A reform of the Julian calendar (see CALENDAR, JULIAN) was promulgated by Pope Gregory XIII in his bull Inter gravissimas of 24 February 1582. The commission that he had named with this in mind ultimately adopted most of the details of the project drawn up by a Calabrian astronomer, Luigi Giglio Ghiraldi (Aloysius Lilius), who had died in 1576, and the final rules were worked out mainly by a German Jesuit, Christopher Clavius.
At the time of its introduction, ten days (5-14 October 1582) were dropped from the solar calendar, nine of them so that the mean vernal equinox would occur 20 March instead of 11 March, as it did at the time of the reform, and the tenth so that the calendar corrections necessary from year to year in a 400-year cycle could be diminished by one day. By placing the mean vernal equinox on 20 March, the reformers made sure that the true equinox would never occur later than 21 March, the fixed equinoctial date established in the fourth century, when Easter was defined as the Sunday after the fourteenth moon on or after (never before) the vernal equinox.
In the lunar calendar the epacts were reformed by adding three (days) to compensate for three of the five lunar equations (each necessitating new moons a day earlier thereafter) neglected in the preceding 1,400 years, and by subtracting ten to equal the ten days dropped from the solar calendar. The simultaneous addition of three and subtraction of ten amounted to an effective subtraction of seven from each epact of the series in use up to the time of the reform, and the result was a calendar date seven days later in most instances for each new and full moon in a thirty-year lunar cycle, including the paschal full moons. The beginning of the year was reaffirmed as 1 January.
In order to avoid the need for similar drastic calendar reforms in the future, the Gregorian reformers prescribed that in every century- year except those perfectly divisible by 400, the intercalary day in February indicated by the Julian calendar in every year divisible by 4 should be omitted (century years like 1600 and 2000 thus remain leap years, while those like 1700, 1800, and 1900—divisible by 4 but not by 400—are reduced to common years).
In this way the reformers compensated for the accumulated overcorrection caused by the corrective intercalary days in February within the 400-year cycle. As a result, the discrepancy between the dates of the Julian calendar and those of the Gregorian calendar for one and the same solar day increases by one day in each century-year not divisible by 400.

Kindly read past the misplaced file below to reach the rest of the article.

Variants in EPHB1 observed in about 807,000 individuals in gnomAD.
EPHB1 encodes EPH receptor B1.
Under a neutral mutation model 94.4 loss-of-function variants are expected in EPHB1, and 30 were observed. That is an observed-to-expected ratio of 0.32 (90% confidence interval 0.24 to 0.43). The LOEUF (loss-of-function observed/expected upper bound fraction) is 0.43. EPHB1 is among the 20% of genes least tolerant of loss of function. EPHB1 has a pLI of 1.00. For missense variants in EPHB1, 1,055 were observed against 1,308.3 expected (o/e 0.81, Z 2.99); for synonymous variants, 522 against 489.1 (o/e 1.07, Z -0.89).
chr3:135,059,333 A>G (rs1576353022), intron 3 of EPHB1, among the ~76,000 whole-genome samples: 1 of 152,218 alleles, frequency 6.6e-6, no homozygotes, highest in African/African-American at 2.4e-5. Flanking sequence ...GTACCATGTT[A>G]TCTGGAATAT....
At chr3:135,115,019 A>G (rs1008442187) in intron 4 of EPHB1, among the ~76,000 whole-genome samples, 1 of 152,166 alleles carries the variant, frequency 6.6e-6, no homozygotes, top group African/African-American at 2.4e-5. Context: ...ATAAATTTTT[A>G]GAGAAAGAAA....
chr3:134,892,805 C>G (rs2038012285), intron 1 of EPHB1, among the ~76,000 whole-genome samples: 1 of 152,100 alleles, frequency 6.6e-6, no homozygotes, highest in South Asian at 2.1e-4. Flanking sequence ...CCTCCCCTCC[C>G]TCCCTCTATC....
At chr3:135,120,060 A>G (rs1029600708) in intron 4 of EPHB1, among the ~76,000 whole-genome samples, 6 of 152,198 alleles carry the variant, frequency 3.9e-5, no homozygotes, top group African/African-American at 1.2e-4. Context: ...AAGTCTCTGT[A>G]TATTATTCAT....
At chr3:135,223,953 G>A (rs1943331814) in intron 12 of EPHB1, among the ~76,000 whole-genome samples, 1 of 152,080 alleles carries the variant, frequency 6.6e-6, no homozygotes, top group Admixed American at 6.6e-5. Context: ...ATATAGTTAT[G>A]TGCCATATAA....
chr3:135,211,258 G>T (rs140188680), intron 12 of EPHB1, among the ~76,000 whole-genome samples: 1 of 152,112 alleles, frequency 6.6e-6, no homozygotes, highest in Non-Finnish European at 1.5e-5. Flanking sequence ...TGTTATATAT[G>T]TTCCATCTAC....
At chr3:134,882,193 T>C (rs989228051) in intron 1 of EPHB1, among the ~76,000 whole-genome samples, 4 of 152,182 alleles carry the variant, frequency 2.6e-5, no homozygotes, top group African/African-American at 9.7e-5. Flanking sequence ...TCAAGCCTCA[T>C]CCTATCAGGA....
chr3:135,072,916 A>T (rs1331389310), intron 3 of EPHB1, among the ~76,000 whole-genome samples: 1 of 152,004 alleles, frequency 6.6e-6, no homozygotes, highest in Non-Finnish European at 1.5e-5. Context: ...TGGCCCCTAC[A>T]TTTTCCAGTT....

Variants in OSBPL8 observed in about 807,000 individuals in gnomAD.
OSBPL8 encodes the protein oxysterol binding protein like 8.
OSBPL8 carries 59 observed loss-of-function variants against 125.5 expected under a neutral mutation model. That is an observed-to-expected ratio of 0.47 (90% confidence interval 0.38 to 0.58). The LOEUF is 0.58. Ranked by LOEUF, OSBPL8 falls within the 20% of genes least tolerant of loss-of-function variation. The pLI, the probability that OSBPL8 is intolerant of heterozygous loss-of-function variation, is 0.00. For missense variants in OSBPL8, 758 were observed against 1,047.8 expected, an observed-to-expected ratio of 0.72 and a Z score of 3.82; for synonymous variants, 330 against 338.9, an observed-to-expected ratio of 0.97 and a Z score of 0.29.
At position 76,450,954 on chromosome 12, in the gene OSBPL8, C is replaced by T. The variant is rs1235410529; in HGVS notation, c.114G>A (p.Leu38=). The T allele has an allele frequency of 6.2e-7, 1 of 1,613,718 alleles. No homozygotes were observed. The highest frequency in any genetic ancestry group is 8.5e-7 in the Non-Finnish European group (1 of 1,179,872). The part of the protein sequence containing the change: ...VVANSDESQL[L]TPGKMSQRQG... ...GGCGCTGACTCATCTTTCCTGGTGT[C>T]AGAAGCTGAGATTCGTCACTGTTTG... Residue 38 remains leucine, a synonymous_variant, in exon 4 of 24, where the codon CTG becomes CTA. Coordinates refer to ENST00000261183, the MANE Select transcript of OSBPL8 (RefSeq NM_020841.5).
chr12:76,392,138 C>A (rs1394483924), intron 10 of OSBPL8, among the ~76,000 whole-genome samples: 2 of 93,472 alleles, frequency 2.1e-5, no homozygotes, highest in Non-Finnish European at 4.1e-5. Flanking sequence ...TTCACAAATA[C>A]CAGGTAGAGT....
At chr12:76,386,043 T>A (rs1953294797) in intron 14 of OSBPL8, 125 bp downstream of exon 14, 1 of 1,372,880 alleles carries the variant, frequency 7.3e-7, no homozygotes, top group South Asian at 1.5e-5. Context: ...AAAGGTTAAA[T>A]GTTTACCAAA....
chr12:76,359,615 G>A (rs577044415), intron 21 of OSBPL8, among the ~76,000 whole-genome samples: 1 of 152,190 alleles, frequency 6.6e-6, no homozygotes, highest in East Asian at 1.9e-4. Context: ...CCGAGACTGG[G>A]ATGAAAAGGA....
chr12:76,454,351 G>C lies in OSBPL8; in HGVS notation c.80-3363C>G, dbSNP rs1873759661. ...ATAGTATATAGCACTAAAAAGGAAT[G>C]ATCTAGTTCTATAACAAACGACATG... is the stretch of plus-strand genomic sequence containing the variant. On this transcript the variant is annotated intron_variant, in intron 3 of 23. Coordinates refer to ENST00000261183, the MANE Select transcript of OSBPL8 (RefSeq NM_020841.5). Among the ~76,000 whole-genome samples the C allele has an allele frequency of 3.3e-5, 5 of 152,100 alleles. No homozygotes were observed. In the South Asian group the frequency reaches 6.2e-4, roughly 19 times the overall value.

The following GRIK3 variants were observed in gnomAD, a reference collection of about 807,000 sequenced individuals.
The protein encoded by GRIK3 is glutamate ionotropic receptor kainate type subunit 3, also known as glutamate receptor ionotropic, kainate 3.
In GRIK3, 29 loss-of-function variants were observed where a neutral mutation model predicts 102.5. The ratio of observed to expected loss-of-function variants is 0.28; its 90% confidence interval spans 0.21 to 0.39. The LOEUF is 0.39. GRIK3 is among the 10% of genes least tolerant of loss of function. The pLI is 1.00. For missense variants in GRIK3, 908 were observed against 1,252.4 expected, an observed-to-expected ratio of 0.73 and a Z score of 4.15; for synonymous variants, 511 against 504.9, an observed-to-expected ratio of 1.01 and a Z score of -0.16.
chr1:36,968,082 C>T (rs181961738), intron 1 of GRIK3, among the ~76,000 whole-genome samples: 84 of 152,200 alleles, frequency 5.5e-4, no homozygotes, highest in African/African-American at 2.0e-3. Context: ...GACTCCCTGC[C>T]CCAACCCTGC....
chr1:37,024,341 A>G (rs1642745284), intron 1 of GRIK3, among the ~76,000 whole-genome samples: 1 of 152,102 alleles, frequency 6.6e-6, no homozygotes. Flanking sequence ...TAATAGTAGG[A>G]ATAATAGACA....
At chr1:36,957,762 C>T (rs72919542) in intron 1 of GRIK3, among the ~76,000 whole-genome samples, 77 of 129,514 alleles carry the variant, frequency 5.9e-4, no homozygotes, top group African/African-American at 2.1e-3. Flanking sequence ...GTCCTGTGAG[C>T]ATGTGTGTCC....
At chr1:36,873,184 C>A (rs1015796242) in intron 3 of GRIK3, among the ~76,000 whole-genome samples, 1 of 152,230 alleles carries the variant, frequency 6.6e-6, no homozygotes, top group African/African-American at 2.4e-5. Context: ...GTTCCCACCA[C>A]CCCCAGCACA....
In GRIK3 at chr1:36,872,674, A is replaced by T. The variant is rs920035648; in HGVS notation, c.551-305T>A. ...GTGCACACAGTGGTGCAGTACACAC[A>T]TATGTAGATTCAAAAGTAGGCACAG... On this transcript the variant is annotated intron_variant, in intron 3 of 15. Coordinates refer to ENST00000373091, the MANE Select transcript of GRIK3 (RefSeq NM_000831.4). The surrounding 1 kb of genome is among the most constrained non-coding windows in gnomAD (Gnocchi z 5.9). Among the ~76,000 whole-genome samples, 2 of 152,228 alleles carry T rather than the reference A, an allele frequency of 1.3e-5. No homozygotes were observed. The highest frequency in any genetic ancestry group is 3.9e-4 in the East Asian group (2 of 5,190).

Periodic correction of the lunar calendar was provided for by prescribing (1) the reduction of the number of each lunar epact by one at the beginning of every century-year not perfectly divisible by 400 (thereby adding one day to the new moon dates thereafter—the “solar equation” equating the advance of dates in the solar calendar caused by the omission of the February intercalary day in those years); and (2) the raising of the number of each lunar epact by one at the beginning of 1800 and of every third century-year thereafter (thereby moving new moon dates back one day—the “lunar equation” correcting the 300-year accumulation of excess of the lunar cycle over its correct value and thus keeping the maximum lag of calendar new moons behind their mean new moons from increasing beyond two days).
In century-years in which both the solar equation and the lunar equation occur, the simultaneous addition and subtraction neutralize one another, so that the epacts, and hence the new and full moon dates, remain unchanged. After 3,200 years the Gregorian solar calendar will have an accumulated need for further correction, which can be taken care of by restoring as a leap year a century-year divisible by 400 (with a corresponding solar equation in the lunar calendar), with provision for repeating that step every 3,200 years. The Gregorian lunar calendar can run for 20,000 years before needing a day’s further adjustment by means of an additional lunar equation.
The Gregorian calendar was accepted as the legal civil calendar on 5/15 October 1582 by the Italian states, Spain, and Portugal. Other Catholic lands accepted it from the final months of 1582 through 1584, but the Protestant regions of northern Europe retained the Julian calendar into the eighteenth century for the most part, and the reformed calendar was not accepted as the civil calendar of the non-Catholic nations of eastern Europe until the twentieth century (Bulgaria in 1917, Greece and Rumania in 1924, Russia in 1918, Serbia in 1919, Turkey in 1927). (For the divergence between the Gregorian calendar and the Alexandrian calendar used by Copts and Ethiopians, see CALENDAR, COPTIC.)
- Archer, P. The Christian Calendar and the Gregorian Reform. New York, 1941.
- Clavius, C. Romani calendarii a Gregorio XIII restituti explicatio. Rome, 1603.
- Ginzel, F. K. Handbuch der mathematischen und technischen Chronologie, 3 vols. Leipzig, 1906-1914. See especially Vol. 3.
- Kubitschek, W. Grundriss der antiken Zeitrechnung. Handbuch der Altertumswissenschaft, Vol. 1, pt. 7, pp. 110-12. Munich, 1928.
AELRED CODY, O.S.B.